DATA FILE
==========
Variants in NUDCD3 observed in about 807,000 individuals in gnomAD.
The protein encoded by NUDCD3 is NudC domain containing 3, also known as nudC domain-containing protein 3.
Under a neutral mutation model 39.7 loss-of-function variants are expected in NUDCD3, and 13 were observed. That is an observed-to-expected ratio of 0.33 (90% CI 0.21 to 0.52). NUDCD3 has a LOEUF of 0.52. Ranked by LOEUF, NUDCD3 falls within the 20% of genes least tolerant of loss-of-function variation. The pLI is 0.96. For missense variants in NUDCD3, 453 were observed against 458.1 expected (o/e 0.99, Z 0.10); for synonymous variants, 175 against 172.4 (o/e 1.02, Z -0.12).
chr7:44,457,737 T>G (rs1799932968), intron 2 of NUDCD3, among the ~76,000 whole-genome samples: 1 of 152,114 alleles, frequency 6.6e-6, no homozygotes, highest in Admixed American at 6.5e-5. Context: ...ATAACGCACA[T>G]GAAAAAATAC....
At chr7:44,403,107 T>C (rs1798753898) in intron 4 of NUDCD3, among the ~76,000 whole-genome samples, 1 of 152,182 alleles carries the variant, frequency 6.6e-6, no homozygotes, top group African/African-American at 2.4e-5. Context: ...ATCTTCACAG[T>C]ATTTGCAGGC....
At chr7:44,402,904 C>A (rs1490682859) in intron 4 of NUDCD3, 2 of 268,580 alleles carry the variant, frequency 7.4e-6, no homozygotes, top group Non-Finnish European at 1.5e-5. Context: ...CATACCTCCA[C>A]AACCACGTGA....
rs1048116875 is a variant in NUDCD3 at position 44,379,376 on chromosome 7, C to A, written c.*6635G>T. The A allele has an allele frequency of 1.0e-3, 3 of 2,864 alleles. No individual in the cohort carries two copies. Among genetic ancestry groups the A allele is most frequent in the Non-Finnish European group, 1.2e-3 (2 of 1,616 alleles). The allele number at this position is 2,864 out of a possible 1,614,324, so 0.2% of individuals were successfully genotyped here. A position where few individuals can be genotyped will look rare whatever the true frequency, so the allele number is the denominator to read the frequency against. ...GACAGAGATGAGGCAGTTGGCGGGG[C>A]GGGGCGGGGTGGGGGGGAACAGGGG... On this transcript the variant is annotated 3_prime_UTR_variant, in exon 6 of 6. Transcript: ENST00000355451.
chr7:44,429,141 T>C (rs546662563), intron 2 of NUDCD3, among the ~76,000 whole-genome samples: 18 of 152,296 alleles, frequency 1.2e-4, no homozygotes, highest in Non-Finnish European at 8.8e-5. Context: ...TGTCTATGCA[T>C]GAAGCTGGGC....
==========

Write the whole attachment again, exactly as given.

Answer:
Variants in NUDCD3 observed in about 807,000 individuals in gnomAD.
The protein encoded by NUDCD3 is NudC domain containing 3, also known as nudC domain-containing protein 3.
Under a neutral mutation model 39.7 loss-of-function variants are expected in NUDCD3, and 13 were observed. That is an observed-to-expected ratio of 0.33 (90% CI 0.21 to 0.52). NUDCD3 has a LOEUF of 0.52. Ranked by LOEUF, NUDCD3 falls within the 20% of genes least tolerant of loss-of-function variation. The pLI is 0.96. For missense variants in NUDCD3, 453 were observed against 458.1 expected (o/e 0.99, Z 0.10); for synonymous variants, 175 against 172.4 (o/e 1.02, Z -0.12).
chr7:44,457,737 T>G (rs1799932968), intron 2 of NUDCD3, among the ~76,000 whole-genome samples: 1 of 152,114 alleles, frequency 6.6e-6, no homozygotes, highest in Admixed American at 6.5e-5. Context: ...ATAACGCACA[T>G]GAAAAAATAC....
At chr7:44,403,107 T>C (rs1798753898) in intron 4 of NUDCD3, among the ~76,000 whole-genome samples, 1 of 152,182 alleles carries the variant, frequency 6.6e-6, no homozygotes, top group African/African-American at 2.4e-5. Context: ...ATCTTCACAG[T>C]ATTTGCAGGC....
At chr7:44,402,904 C>A (rs1490682859) in intron 4 of NUDCD3, 2 of 268,580 alleles carry the variant, frequency 7.4e-6, no homozygotes, top group Non-Finnish European at 1.5e-5. Context: ...CATACCTCCA[C>A]AACCACGTGA....
rs1048116875 is a variant in NUDCD3 at position 44,379,376 on chromosome 7, C to A, written c.*6635G>T. The A allele has an allele frequency of 1.0e-3, 3 of 2,864 alleles. No individual in the cohort carries two copies. Among genetic ancestry groups the A allele is most frequent in the Non-Finnish European group, 1.2e-3 (2 of 1,616 alleles). The allele number at this position is 2,864 out of a possible 1,614,324, so 0.2% of individuals were successfully genotyped here. A position where few individuals can be genotyped will look rare whatever the true frequency, so the allele number is the denominator to read the frequency against. ...GACAGAGATGAGGCAGTTGGCGGGG[C>A]GGGGCGGGGTGGGGGGGAACAGGGG... On this transcript the variant is annotated 3_prime_UTR_variant, in exon 6 of 6. Transcript: ENST00000355451.
chr7:44,429,141 T>C (rs546662563), intron 2 of NUDCD3, among the ~76,000 whole-genome samples: 18 of 152,296 alleles, frequency 1.2e-4, no homozygotes, highest in Non-Finnish European at 8.8e-5. Context: ...TGTCTATGCA[T>C]GAAGCTGGGC....